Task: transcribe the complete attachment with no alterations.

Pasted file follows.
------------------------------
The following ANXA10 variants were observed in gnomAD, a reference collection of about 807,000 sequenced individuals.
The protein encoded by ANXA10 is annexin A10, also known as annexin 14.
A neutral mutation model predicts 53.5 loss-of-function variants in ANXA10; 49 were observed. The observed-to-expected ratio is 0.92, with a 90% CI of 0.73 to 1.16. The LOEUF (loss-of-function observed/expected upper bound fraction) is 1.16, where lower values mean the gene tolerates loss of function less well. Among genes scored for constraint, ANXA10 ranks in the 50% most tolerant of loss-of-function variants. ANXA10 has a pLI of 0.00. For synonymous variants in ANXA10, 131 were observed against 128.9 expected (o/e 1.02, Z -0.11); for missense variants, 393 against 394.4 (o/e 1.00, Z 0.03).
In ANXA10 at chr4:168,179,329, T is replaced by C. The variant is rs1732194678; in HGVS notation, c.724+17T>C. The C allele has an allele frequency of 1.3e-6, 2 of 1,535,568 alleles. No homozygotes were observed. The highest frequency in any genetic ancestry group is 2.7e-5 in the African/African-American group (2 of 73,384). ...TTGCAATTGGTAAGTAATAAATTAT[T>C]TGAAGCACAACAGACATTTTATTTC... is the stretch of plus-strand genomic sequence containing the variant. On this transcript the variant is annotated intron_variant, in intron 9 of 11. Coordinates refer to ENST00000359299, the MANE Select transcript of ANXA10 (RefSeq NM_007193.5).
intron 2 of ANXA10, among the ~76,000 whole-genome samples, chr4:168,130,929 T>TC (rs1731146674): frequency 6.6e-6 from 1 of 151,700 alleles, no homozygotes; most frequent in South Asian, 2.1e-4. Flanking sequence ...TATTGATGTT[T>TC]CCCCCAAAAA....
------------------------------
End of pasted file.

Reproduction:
The following ANXA10 variants were observed in gnomAD, a reference collection of about 807,000 sequenced individuals.
The protein encoded by ANXA10 is annexin A10, also known as annexin 14.
A neutral mutation model predicts 53.5 loss-of-function variants in ANXA10; 49 were observed. The observed-to-expected ratio is 0.92, with a 90% CI of 0.73 to 1.16. The LOEUF (loss-of-function observed/expected upper bound fraction) is 1.16, where lower values mean the gene tolerates loss of function less well. Among genes scored for constraint, ANXA10 ranks in the 50% most tolerant of loss-of-function variants. ANXA10 has a pLI of 0.00. For synonymous variants in ANXA10, 131 were observed against 128.9 expected (o/e 1.02, Z -0.11); for missense variants, 393 against 394.4 (o/e 1.00, Z 0.03).
In ANXA10 at chr4:168,179,329, T is replaced by C. The variant is rs1732194678; in HGVS notation, c.724+17T>C. The C allele has an allele frequency of 1.3e-6, 2 of 1,535,568 alleles. No homozygotes were observed. The highest frequency in any genetic ancestry group is 2.7e-5 in the African/African-American group (2 of 73,384). ...TTGCAATTGGTAAGTAATAAATTAT[T>C]TGAAGCACAACAGACATTTTATTTC... is the stretch of plus-strand genomic sequence containing the variant. On this transcript the variant is annotated intron_variant, in intron 9 of 11. Coordinates refer to ENST00000359299, the MANE Select transcript of ANXA10 (RefSeq NM_007193.5).
intron 2 of ANXA10, among the ~76,000 whole-genome samples, chr4:168,130,929 T>TC (rs1731146674): frequency 6.6e-6 from 1 of 151,700 alleles, no homozygotes; most frequent in South Asian, 2.1e-4. Flanking sequence ...TATTGATGTT[T>TC]CCCCCAAAAA....